Patients' Aims for Epilepsy Surgery: Desires Beyond Seizure Freedom
Article first published online: 20 DEC 2001
Volume 42, Issue 5, pages 629–633, May 2001
How to Cite
Taylor, D. C., McMackin, D., Staunton, H., Delanty, N. and Phillips, J. (2001), Patients' Aims for Epilepsy Surgery: Desires Beyond Seizure Freedom. Epilepsia, 42: 629–633. doi: 10.1046/j.1528-1157.2001.34400.x
- Issue published online: 20 DEC 2001
- Article first published online: 20 DEC 2001
- Accepted February 14, 2001.
- Epilepsy surgery;
- Patient aims;
- Quality of Life
Summary: Purpose: To evaluate prospectively patient's aims for epilepsy surgery as previously outlined theoretically by Taylor et al. (Epilepsia 1997;3:625–30).
Methods: Ninety-three consecutive patients were interviewed by a psychiatrist as part of their evaluation for epilepsy surgery. Open-ended questions about the patient were asked, and carers' aims or ambitions for change as a result of putative relief of seizures were elicited. The interviewer aimed to obtain a maximum of five aims for later follow-up purposes. These questions were part of an extensive psychiatric interview that is described.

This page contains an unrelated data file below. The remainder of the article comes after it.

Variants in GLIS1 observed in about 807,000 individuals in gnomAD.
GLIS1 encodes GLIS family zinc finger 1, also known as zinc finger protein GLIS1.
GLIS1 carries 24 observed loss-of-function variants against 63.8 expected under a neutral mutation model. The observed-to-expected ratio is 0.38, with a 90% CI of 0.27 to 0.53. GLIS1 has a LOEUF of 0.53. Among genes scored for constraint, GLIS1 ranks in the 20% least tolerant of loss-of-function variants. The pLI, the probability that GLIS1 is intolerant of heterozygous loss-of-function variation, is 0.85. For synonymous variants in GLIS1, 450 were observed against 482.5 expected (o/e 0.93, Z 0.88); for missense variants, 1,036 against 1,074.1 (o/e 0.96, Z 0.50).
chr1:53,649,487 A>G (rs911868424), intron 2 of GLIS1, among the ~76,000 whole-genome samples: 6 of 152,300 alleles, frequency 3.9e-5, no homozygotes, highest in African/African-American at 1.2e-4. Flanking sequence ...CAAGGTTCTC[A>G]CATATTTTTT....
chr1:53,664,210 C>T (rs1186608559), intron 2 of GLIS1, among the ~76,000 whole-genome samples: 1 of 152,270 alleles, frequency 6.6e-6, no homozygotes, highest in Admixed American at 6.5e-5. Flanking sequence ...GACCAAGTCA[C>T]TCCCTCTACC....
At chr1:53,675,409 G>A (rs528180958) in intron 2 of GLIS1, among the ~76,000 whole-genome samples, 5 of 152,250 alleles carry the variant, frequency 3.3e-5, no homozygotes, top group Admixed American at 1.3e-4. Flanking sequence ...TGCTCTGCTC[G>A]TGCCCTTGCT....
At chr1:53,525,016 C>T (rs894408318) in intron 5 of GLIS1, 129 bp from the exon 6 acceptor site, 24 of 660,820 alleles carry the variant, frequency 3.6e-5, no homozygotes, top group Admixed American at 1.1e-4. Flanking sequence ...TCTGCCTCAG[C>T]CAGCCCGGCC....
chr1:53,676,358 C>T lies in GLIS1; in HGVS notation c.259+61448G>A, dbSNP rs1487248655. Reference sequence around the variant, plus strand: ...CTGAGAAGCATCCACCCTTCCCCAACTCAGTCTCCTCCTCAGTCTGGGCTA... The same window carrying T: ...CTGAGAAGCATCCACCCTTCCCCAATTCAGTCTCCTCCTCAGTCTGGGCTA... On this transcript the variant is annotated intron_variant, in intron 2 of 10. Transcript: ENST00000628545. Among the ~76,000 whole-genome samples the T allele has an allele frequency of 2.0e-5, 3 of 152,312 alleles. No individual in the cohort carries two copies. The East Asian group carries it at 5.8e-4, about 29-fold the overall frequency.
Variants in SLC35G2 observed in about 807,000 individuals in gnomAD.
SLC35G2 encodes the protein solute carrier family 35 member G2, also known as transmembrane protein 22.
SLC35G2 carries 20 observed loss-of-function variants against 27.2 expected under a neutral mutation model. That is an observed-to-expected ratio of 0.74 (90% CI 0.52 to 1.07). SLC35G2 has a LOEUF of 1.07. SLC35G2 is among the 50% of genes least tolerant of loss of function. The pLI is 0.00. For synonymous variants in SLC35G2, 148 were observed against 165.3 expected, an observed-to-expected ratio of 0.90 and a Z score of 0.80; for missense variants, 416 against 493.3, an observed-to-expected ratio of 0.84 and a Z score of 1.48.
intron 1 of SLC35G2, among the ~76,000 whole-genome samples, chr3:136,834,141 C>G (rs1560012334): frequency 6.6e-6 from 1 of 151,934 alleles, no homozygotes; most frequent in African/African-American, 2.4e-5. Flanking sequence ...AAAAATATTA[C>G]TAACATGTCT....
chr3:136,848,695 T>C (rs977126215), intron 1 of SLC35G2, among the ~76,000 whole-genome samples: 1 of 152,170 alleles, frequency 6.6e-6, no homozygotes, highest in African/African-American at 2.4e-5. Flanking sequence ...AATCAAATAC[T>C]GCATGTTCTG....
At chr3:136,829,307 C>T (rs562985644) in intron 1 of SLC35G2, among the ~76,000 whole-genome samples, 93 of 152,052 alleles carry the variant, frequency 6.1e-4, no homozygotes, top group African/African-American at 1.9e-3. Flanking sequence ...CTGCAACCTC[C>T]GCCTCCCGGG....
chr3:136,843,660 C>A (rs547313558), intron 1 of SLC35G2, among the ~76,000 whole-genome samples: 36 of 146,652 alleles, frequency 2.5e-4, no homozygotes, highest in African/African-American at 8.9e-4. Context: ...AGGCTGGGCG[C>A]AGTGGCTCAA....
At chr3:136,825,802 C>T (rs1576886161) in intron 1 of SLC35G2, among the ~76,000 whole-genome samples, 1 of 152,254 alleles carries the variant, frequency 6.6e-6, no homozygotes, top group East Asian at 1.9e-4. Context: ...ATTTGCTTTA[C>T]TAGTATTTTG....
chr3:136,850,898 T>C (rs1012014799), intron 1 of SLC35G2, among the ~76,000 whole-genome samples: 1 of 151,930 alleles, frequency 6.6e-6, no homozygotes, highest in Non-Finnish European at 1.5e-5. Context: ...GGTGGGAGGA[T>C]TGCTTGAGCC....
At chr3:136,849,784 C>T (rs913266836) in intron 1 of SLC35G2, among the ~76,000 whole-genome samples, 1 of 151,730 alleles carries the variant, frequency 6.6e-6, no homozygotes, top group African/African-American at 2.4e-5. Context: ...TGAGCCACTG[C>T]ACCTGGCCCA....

Results: The aims of 69 patients or carers were analyzed. The 204 statements of aims were grouped into 59 categories initially. The five most frequently cited constituted 50% of all the aims listed. These aims were desire for work, driving of motor vehicles, independence, socializing, and freedom from drugs. The patients rarely identified a desire for improvement in cognitive functioning as an aim for epilepsy surgery. A final analysis into six categories showed that changes in social process predominated, even over changes in personal behavior.
Conclusions: The social and personal aims to accompany relief of epilepsy identified by patients are consistent with the literature on psychosocial adjustment to epilepsy.